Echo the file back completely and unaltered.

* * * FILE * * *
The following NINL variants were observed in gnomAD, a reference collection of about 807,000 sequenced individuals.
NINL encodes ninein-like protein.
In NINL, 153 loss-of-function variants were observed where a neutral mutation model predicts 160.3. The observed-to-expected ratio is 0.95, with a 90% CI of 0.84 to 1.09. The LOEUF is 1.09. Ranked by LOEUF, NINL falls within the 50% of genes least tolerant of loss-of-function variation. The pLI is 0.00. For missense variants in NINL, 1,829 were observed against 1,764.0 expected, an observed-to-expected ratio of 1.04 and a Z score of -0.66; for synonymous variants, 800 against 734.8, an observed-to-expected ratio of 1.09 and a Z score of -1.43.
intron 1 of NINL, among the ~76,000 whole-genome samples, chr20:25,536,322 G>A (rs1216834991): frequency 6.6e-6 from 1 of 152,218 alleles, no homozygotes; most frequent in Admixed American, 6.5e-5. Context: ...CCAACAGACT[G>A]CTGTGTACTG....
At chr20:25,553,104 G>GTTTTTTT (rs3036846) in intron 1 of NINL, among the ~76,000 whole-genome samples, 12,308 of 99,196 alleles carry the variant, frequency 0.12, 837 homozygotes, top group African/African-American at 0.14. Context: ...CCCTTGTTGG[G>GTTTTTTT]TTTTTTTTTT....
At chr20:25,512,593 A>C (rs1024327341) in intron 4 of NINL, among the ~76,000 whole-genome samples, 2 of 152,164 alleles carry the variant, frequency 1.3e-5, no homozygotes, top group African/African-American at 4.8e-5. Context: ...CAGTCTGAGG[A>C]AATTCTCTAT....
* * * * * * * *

The following NINL variants were observed in gnomAD, a reference collection of about 807,000 sequenced individuals.
NINL encodes ninein-like protein.
In NINL, 153 loss-of-function variants were observed where a neutral mutation model predicts 160.3. The observed-to-expected ratio is 0.95, with a 90% CI of 0.84 to 1.09. The LOEUF is 1.09. Ranked by LOEUF, NINL falls within the 50% of genes least tolerant of loss-of-function variation. The pLI is 0.00. For missense variants in NINL, 1,829 were observed against 1,764.0 expected, an observed-to-expected ratio of 1.04 and a Z score of -0.66; for synonymous variants, 800 against 734.8, an observed-to-expected ratio of 1.09 and a Z score of -1.43.
intron 1 of NINL, among the ~76,000 whole-genome samples, chr20:25,536,322 G>A (rs1216834991): frequency 6.6e-6 from 1 of 152,218 alleles, no homozygotes; most frequent in Admixed American, 6.5e-5. Context: ...CCAACAGACT[G>A]CTGTGTACTG....
At chr20:25,553,104 G>GTTTTTTT (rs3036846) in intron 1 of NINL, among the ~76,000 whole-genome samples, 12,308 of 99,196 alleles carry the variant, frequency 0.12, 837 homozygotes, top group African/African-American at 0.14. Context: ...CCCTTGTTGG[G>GTTTTTTT]TTTTTTTTTT....
At chr20:25,512,593 A>C (rs1024327341) in intron 4 of NINL, among the ~76,000 whole-genome samples, 2 of 152,164 alleles carry the variant, frequency 1.3e-5, no homozygotes, top group African/African-American at 4.8e-5. Context: ...CAGTCTGAGG[A>C]AATTCTCTAT....